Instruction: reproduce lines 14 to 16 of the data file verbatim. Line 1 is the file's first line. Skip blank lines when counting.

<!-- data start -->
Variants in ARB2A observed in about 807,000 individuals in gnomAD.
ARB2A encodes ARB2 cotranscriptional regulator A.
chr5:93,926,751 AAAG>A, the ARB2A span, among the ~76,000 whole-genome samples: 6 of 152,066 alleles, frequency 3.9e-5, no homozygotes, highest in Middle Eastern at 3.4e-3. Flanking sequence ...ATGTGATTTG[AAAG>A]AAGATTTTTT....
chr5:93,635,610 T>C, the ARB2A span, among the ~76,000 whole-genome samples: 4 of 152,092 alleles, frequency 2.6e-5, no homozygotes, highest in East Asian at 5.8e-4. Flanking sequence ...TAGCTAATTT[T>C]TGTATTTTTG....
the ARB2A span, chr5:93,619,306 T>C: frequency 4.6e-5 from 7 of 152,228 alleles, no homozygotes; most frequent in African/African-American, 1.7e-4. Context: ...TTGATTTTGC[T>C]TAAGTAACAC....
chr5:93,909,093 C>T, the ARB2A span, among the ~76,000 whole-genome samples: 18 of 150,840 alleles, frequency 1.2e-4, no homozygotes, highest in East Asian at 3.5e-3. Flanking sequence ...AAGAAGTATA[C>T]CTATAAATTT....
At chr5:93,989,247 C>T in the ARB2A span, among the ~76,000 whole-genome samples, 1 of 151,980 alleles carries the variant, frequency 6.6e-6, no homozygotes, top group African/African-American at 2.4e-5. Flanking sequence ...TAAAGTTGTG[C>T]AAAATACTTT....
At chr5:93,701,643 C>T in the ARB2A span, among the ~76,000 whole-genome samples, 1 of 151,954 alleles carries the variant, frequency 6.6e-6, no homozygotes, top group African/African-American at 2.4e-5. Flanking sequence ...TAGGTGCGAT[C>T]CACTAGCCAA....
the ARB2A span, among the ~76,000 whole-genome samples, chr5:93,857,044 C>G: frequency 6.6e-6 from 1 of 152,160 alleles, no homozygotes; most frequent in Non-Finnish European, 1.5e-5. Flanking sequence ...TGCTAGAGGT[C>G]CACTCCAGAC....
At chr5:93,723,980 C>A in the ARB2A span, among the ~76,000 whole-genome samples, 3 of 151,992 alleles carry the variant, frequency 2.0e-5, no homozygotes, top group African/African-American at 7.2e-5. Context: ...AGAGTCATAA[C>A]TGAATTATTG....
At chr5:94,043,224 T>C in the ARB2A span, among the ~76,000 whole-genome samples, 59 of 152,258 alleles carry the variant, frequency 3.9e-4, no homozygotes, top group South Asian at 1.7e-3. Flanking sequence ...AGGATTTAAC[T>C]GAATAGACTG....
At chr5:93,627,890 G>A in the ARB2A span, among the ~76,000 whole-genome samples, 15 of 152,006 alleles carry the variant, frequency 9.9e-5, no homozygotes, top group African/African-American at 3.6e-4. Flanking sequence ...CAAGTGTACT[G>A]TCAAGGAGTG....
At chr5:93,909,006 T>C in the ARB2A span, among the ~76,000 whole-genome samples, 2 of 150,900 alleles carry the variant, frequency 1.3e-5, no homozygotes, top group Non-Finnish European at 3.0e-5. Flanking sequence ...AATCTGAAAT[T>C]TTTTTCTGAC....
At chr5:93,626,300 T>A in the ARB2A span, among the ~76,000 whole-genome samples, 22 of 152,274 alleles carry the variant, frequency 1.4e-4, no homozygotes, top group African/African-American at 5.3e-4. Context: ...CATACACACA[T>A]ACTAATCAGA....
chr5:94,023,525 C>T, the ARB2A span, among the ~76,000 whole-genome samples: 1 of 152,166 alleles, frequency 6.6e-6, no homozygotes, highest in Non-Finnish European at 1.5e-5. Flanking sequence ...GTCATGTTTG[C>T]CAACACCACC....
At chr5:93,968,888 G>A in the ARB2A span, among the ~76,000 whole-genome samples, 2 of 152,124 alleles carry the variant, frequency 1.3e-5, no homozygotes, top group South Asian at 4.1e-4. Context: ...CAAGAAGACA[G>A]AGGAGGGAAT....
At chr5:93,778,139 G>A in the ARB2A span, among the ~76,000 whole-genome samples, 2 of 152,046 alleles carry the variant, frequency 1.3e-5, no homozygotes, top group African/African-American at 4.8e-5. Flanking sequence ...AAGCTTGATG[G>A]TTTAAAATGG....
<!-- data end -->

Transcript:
At chr5:93,626,300 T>A in the ARB2A span, among the ~76,000 whole-genome samples, 22 of 152,274 alleles carry the variant, frequency 1.4e-4, no homozygotes, top group African/African-American at 5.3e-4. Context: ...CATACACACA[T>A]ACTAATCAGA....
chr5:94,023,525 C>T, the ARB2A span, among the ~76,000 whole-genome samples: 1 of 152,166 alleles, frequency 6.6e-6, no homozygotes, highest in Non-Finnish European at 1.5e-5. Flanking sequence ...GTCATGTTTG[C>T]CAACACCACC....
At chr5:93,968,888 G>A in the ARB2A span, among the ~76,000 whole-genome samples, 2 of 152,124 alleles carry the variant, frequency 1.3e-5, no homozygotes, top group South Asian at 4.1e-4. Context: ...CAAGAAGACA[G>A]AGGAGGGAAT....